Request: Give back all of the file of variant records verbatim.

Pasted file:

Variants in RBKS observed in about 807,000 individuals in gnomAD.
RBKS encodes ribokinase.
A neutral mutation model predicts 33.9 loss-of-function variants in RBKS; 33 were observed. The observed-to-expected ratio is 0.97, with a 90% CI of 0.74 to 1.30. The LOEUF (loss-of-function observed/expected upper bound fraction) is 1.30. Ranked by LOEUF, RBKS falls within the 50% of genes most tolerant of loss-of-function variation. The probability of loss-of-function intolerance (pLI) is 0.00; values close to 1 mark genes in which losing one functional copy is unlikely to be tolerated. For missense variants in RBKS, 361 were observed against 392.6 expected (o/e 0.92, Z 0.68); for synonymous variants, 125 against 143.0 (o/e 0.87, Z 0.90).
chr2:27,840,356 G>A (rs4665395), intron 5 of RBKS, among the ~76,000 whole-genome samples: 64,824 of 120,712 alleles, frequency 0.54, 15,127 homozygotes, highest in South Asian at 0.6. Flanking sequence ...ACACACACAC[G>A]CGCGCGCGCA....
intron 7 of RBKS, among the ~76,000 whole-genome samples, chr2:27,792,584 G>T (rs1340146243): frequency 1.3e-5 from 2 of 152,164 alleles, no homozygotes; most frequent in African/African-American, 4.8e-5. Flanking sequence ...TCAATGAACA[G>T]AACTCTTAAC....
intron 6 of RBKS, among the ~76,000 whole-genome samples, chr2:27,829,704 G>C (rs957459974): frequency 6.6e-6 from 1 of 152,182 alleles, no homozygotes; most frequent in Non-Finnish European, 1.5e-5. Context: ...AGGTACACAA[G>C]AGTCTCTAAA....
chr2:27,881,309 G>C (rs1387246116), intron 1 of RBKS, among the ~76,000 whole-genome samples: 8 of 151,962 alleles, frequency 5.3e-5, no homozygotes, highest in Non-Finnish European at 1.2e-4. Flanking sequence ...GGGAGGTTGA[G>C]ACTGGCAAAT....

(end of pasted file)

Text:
Variants in RBKS observed in about 807,000 individuals in gnomAD.
RBKS encodes ribokinase.
A neutral mutation model predicts 33.9 loss-of-function variants in RBKS; 33 were observed. The observed-to-expected ratio is 0.97, with a 90% CI of 0.74 to 1.30. The LOEUF (loss-of-function observed/expected upper bound fraction) is 1.30. Ranked by LOEUF, RBKS falls within the 50% of genes most tolerant of loss-of-function variation. The probability of loss-of-function intolerance (pLI) is 0.00; values close to 1 mark genes in which losing one functional copy is unlikely to be tolerated. For missense variants in RBKS, 361 were observed against 392.6 expected (o/e 0.92, Z 0.68); for synonymous variants, 125 against 143.0 (o/e 0.87, Z 0.90).
chr2:27,840,356 G>A (rs4665395), intron 5 of RBKS, among the ~76,000 whole-genome samples: 64,824 of 120,712 alleles, frequency 0.54, 15,127 homozygotes, highest in South Asian at 0.6. Flanking sequence ...ACACACACAC[G>A]CGCGCGCGCA....
intron 7 of RBKS, among the ~76,000 whole-genome samples, chr2:27,792,584 G>T (rs1340146243): frequency 1.3e-5 from 2 of 152,164 alleles, no homozygotes; most frequent in African/African-American, 4.8e-5. Flanking sequence ...TCAATGAACA[G>T]AACTCTTAAC....
intron 6 of RBKS, among the ~76,000 whole-genome samples, chr2:27,829,704 G>C (rs957459974): frequency 6.6e-6 from 1 of 152,182 alleles, no homozygotes; most frequent in Non-Finnish European, 1.5e-5. Context: ...AGGTACACAA[G>C]AGTCTCTAAA....
chr2:27,881,309 G>C (rs1387246116), intron 1 of RBKS, among the ~76,000 whole-genome samples: 8 of 151,962 alleles, frequency 5.3e-5, no homozygotes, highest in Non-Finnish European at 1.2e-4. Flanking sequence ...GGGAGGTTGA[G>C]ACTGGCAAAT....